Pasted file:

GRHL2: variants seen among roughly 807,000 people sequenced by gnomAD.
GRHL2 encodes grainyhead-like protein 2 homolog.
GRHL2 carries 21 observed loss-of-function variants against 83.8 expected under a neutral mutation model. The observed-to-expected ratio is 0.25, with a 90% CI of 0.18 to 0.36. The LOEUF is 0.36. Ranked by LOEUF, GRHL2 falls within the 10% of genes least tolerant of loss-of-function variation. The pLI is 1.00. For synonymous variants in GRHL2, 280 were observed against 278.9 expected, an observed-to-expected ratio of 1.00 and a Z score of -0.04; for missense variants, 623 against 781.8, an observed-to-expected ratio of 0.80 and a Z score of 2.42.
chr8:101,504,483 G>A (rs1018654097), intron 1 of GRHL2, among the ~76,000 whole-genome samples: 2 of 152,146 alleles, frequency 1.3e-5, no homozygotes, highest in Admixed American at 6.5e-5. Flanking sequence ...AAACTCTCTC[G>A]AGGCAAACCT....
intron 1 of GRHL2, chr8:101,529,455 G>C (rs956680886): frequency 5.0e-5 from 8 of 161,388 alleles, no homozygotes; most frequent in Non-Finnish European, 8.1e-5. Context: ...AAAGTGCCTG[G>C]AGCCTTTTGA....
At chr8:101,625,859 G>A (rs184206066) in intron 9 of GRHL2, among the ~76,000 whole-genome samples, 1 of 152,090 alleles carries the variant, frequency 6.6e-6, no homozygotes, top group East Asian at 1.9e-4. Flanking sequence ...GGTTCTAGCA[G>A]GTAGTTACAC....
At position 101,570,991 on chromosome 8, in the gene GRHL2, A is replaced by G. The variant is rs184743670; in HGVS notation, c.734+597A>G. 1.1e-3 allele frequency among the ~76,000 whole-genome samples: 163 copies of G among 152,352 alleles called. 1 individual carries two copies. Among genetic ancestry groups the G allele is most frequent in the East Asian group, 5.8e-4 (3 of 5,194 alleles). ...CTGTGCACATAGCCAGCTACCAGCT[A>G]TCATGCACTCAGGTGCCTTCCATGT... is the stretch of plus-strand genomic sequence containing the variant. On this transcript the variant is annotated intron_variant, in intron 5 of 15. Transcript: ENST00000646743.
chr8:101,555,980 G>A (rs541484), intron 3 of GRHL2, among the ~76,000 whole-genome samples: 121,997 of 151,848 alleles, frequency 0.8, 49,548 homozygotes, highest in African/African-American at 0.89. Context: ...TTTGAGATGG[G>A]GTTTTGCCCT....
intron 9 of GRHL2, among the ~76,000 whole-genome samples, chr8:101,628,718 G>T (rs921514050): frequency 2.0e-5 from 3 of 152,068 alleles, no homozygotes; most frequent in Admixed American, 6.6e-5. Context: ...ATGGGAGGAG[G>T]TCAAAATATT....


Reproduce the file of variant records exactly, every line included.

GRHL2: variants seen among roughly 807,000 people sequenced by gnomAD.
GRHL2 encodes grainyhead-like protein 2 homolog.
GRHL2 carries 21 observed loss-of-function variants against 83.8 expected under a neutral mutation model. The observed-to-expected ratio is 0.25, with a 90% CI of 0.18 to 0.36. The LOEUF is 0.36. Ranked by LOEUF, GRHL2 falls within the 10% of genes least tolerant of loss-of-function variation. The pLI is 1.00. For synonymous variants in GRHL2, 280 were observed against 278.9 expected, an observed-to-expected ratio of 1.00 and a Z score of -0.04; for missense variants, 623 against 781.8, an observed-to-expected ratio of 0.80 and a Z score of 2.42.
chr8:101,504,483 G>A (rs1018654097), intron 1 of GRHL2, among the ~76,000 whole-genome samples: 2 of 152,146 alleles, frequency 1.3e-5, no homozygotes, highest in Admixed American at 6.5e-5. Flanking sequence ...AAACTCTCTC[G>A]AGGCAAACCT....
intron 1 of GRHL2, chr8:101,529,455 G>C (rs956680886): frequency 5.0e-5 from 8 of 161,388 alleles, no homozygotes; most frequent in Non-Finnish European, 8.1e-5. Context: ...AAAGTGCCTG[G>C]AGCCTTTTGA....
At chr8:101,625,859 G>A (rs184206066) in intron 9 of GRHL2, among the ~76,000 whole-genome samples, 1 of 152,090 alleles carries the variant, frequency 6.6e-6, no homozygotes, top group East Asian at 1.9e-4. Flanking sequence ...GGTTCTAGCA[G>A]GTAGTTACAC....
At position 101,570,991 on chromosome 8, in the gene GRHL2, A is replaced by G. The variant is rs184743670; in HGVS notation, c.734+597A>G. 1.1e-3 allele frequency among the ~76,000 whole-genome samples: 163 copies of G among 152,352 alleles called. 1 individual carries two copies. Among genetic ancestry groups the G allele is most frequent in the East Asian group, 5.8e-4 (3 of 5,194 alleles). ...CTGTGCACATAGCCAGCTACCAGCT[A>G]TCATGCACTCAGGTGCCTTCCATGT... is the stretch of plus-strand genomic sequence containing the variant. On this transcript the variant is annotated intron_variant, in intron 5 of 15. Transcript: ENST00000646743.
chr8:101,555,980 G>A (rs541484), intron 3 of GRHL2, among the ~76,000 whole-genome samples: 121,997 of 151,848 alleles, frequency 0.8, 49,548 homozygotes, highest in African/African-American at 0.89. Context: ...TTTGAGATGG[G>A]GTTTTGCCCT....
intron 9 of GRHL2, among the ~76,000 whole-genome samples, chr8:101,628,718 G>T (rs921514050): frequency 2.0e-5 from 3 of 152,068 alleles, no homozygotes; most frequent in Admixed American, 6.6e-5. Context: ...ATGGGAGGAG[G>T]TCAAAATATT....